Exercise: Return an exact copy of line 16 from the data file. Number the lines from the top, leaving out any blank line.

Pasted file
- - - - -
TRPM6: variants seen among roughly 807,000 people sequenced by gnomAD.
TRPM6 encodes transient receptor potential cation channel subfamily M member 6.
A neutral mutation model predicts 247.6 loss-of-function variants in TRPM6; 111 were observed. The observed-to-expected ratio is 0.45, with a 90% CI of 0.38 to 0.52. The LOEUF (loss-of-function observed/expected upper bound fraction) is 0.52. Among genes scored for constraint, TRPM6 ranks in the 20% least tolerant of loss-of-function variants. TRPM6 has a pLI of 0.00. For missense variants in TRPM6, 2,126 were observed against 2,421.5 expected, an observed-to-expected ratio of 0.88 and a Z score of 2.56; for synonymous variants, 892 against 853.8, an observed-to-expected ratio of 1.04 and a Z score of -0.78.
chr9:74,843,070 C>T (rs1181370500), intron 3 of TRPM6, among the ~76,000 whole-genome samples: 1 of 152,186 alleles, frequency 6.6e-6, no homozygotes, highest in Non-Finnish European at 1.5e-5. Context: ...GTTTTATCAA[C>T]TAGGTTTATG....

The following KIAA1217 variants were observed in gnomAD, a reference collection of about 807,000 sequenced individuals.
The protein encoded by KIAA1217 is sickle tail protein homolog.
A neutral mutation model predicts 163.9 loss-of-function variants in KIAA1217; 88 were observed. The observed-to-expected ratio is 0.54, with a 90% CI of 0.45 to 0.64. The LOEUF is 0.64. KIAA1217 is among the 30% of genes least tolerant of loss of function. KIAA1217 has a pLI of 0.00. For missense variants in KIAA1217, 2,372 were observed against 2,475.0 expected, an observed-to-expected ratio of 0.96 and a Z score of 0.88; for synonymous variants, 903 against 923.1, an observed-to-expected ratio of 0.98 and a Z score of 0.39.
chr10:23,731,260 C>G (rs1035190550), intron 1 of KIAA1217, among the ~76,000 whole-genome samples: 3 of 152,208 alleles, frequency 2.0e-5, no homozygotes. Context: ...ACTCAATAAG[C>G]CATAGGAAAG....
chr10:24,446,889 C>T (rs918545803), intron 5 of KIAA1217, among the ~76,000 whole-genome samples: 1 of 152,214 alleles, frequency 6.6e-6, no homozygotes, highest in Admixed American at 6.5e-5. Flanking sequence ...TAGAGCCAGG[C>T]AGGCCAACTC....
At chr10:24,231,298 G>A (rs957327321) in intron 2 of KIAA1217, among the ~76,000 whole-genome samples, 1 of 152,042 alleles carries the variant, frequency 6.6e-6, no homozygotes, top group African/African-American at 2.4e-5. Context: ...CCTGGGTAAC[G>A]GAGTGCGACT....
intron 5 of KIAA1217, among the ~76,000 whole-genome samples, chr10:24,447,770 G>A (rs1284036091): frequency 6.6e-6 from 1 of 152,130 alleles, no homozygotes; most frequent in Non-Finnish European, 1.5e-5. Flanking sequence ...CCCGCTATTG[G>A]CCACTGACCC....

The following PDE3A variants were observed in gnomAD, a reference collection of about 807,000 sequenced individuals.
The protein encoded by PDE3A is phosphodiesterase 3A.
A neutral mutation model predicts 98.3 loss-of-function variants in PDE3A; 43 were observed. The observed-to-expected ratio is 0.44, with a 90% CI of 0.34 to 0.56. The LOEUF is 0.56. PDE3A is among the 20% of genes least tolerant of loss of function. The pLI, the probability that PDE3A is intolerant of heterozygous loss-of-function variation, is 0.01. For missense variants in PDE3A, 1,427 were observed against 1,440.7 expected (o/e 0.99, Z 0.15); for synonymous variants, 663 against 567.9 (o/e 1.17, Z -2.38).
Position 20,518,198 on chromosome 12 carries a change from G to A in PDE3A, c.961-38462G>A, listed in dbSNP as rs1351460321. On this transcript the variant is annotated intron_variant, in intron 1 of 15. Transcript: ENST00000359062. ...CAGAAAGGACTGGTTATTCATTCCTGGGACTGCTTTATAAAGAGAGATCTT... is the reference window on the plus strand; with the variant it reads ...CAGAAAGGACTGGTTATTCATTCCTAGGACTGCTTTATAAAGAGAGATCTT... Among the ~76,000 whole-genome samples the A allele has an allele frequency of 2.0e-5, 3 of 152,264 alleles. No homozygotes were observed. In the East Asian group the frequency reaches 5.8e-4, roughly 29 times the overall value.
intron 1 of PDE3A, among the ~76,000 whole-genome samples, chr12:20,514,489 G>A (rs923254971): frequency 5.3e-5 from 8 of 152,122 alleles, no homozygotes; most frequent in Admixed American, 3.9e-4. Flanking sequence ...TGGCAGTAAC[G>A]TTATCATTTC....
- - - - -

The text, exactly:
intron 1 of PDE3A, among the ~76,000 whole-genome samples, chr12:20,514,489 G>A (rs923254971): frequency 5.3e-5 from 8 of 152,122 alleles, no homozygotes; most frequent in Admixed American, 3.9e-4. Flanking sequence ...TGGCAGTAAC[G>A]TTATCATTTC....